And so the rout is complete. A defeat by 19 points seems almost respectable after last week. This, however, was almost an exact replica.
A feisty start from the Lions, huge effort and commitment throughout from the men in red, but an even huger gulf in class. And it could have been worse but for interventions by the world's most vocal touch-judge, Stuart Dickinson.
Sir Clive Woodward can have no complaints this time about officials failing to spot off-the-ball incidents. In the second half, courtesy of Mr Dickinson, New Zealand had one superb counterattacking try disallowed and one penalty reversed at times when they were pressing hard. Both were for late tackles way back in play; both were contentious, particularly the second.
The disallowed try could have been yet another sublimely conceived score by the All Blacks, featuring an inspired kick into space by second-row forward Chris Jack (a lock, of all people - the humiliation), which was gathered brilliantly by Sitiveni Sivivatu, who galloped home. But possession for the try had been won when Stephen Jones had dropped the ball with the fearsome Jerry Collins looming and the All Blacks' chief destroyer followed through with his tackle.
The lateness of it was borderline, but he had not used his arms. And so what could have been an even worse deficit was turned into a minor Lions comeback during the 10 minutes Collins spent in the sin bin - even if Donncha O'Callaghan's failure to make use of a three-man overlap was criminally wasteful. This was midway through the second half, and if any were sorry to have been denied so brilliant a try there were ample compensations elsewhere. Four had been notched up by then, all for the All Blacks, all involving something special.
Collins was not the only one to go to the bin. Tana Umaga was sent there as early as the ninth minute for killing the ball. The Lions went 6-0 up with the penalty, Dwayne Peel was looking sharp, so was Josh Lewsey, as were the forwards. All seemed well with the world.
Briefly we forgot that that was how it had been at the same point in the game the previous week.
But now the 14-man outfit decided, cruelly, to shift through the gears. When you are so much better than your opponents you can afford to pick and choose your moments, but couldn't they just have allowed the Lions the dignity of scoring when they had all their players there?
Two minutes later, Sione Lauaki drove from the base of a scrum. Then Conrad Smith, perhaps feeling lonely without his mate in the centre, dummied laconically to Sivivatu outside him and, when that piece of skill had been bought, he opted next to show his power by running clean through Geordan Murphy, the last line of defence.
Lauaki? Smith? It is true, you might not have noticed them during last week's rout but that was because they were not there - or at least not at the start. Then Lauaki came off the bench - this week he started because one of the All Blacks' best players, Richie McCaw, was out injured. Smith was also given a chance and yet another, very possibly the best of the lot, was missing in Daniel Carter.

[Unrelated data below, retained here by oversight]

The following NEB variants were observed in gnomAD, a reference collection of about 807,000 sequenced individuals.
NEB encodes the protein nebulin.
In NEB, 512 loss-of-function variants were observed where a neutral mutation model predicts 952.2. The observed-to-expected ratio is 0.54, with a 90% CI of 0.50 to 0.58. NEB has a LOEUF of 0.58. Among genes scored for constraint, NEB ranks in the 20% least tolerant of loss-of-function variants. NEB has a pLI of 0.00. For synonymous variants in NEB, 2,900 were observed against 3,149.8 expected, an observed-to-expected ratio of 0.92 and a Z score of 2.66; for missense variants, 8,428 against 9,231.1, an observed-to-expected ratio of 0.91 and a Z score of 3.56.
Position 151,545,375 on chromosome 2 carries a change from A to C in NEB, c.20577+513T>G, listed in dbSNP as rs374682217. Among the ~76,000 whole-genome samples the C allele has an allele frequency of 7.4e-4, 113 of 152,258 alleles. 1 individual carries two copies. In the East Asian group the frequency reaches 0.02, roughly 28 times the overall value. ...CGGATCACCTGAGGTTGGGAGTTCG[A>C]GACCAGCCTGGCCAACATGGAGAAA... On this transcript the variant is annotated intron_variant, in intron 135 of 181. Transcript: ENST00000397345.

So, to run the ship, they drafted in a young lad of 22 who they had heard could play fly-half. Luke McAlister is normally a centre, but he might as well have been Carter himself, so natural did he look in the hotseat.
Among the many creative delights he had in store was a lateral kick of remarkable inventiveness. He produced it in the fifth minute of his captain's absence. It bobbled horribly as Peel tried to control it on the try-line, and Ali Williams pounced to score as Rodney So'oialo's challenge took Peel out.
Having started well again, the Lions had been slammed back on the canvas within five minutes. And then the All Blacks captain returned to join the fun.
Stephen Jones did keep the Lions in the hunt with two more penalties to claw them back to 14-9, but that was when Umaga, so threatening a presence throughout, decided to strike. This time McAlister showed his aptitude for the half-break and Umaga chose a perfect line off it to go over under the posts. It was 24-12 at half-time.
And then it was 31-12. Umaga again. Justin Marshall was on now, a handy replacement with 80 caps, for the excellent Byron Kelleher, and so too was Marty Holah. The latter drove, the former whipped the ball away, and through went Umaga, smashing aside one of the Lions' more formidable presences, Paul O'Connell, in the process. McAlister, obviously, converted.
It still bewilders how one side should make things look so much easier than the other. The Lions actually shaded both possession and territory, but just could only labour in vain. Again they were forced to go for the corners as the penalty count mounted in their favour. Again and again they drove. One was held up over the line.
Then, in the 65th minute, Lewis Moody, a worthy warrior, made it over after another sweaty drive. And then you remembered that the All Blacks pack was a man short with Collins in the sin bin.
The final indignity came late in injury time, when Will Greenwood's pass was intercepted by Rico Gear, who kicked on, raced away and finished with distressing coolness. He didn't even seem to be trying.
And that's what makes so much worthy endeavour by these beleaguered tourists so sad to watch.
The All Blacks looked effortless again. And they made it a whitewash.